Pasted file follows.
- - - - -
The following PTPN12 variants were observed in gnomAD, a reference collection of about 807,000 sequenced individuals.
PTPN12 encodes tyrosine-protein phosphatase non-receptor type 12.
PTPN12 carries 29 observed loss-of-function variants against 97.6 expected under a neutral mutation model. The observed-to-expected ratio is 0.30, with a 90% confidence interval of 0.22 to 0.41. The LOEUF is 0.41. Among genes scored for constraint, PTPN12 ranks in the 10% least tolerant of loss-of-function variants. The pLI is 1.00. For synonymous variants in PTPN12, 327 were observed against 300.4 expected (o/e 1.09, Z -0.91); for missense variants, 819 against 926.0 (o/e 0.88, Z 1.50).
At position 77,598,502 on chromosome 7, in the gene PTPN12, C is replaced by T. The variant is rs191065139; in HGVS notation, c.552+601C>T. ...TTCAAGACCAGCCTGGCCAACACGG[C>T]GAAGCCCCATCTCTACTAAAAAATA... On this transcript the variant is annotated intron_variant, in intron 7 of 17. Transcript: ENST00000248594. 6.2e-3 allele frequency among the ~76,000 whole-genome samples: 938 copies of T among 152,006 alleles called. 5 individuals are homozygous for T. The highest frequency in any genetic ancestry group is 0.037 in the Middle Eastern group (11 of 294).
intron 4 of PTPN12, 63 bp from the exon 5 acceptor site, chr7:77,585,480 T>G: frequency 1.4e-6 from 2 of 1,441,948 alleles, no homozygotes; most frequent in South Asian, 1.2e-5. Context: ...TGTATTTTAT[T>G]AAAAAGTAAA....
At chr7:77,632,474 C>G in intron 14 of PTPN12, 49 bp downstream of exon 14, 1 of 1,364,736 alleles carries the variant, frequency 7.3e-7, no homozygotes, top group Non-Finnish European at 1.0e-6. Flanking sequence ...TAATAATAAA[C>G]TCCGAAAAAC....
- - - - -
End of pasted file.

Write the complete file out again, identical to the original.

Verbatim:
The following PTPN12 variants were observed in gnomAD, a reference collection of about 807,000 sequenced individuals.
PTPN12 encodes tyrosine-protein phosphatase non-receptor type 12.
PTPN12 carries 29 observed loss-of-function variants against 97.6 expected under a neutral mutation model. The observed-to-expected ratio is 0.30, with a 90% confidence interval of 0.22 to 0.41. The LOEUF is 0.41. Among genes scored for constraint, PTPN12 ranks in the 10% least tolerant of loss-of-function variants. The pLI is 1.00. For synonymous variants in PTPN12, 327 were observed against 300.4 expected (o/e 1.09, Z -0.91); for missense variants, 819 against 926.0 (o/e 0.88, Z 1.50).
At position 77,598,502 on chromosome 7, in the gene PTPN12, C is replaced by T. The variant is rs191065139; in HGVS notation, c.552+601C>T. ...TTCAAGACCAGCCTGGCCAACACGG[C>T]GAAGCCCCATCTCTACTAAAAAATA... On this transcript the variant is annotated intron_variant, in intron 7 of 17. Transcript: ENST00000248594. 6.2e-3 allele frequency among the ~76,000 whole-genome samples: 938 copies of T among 152,006 alleles called. 5 individuals are homozygous for T. The highest frequency in any genetic ancestry group is 0.037 in the Middle Eastern group (11 of 294).
intron 4 of PTPN12, 63 bp from the exon 5 acceptor site, chr7:77,585,480 T>G: frequency 1.4e-6 from 2 of 1,441,948 alleles, no homozygotes; most frequent in South Asian, 1.2e-5. Context: ...TGTATTTTAT[T>G]AAAAAGTAAA....
At chr7:77,632,474 C>G in intron 14 of PTPN12, 49 bp downstream of exon 14, 1 of 1,364,736 alleles carries the variant, frequency 7.3e-7, no homozygotes, top group Non-Finnish European at 1.0e-6. Flanking sequence ...TAATAATAAA[C>G]TCCGAAAAAC....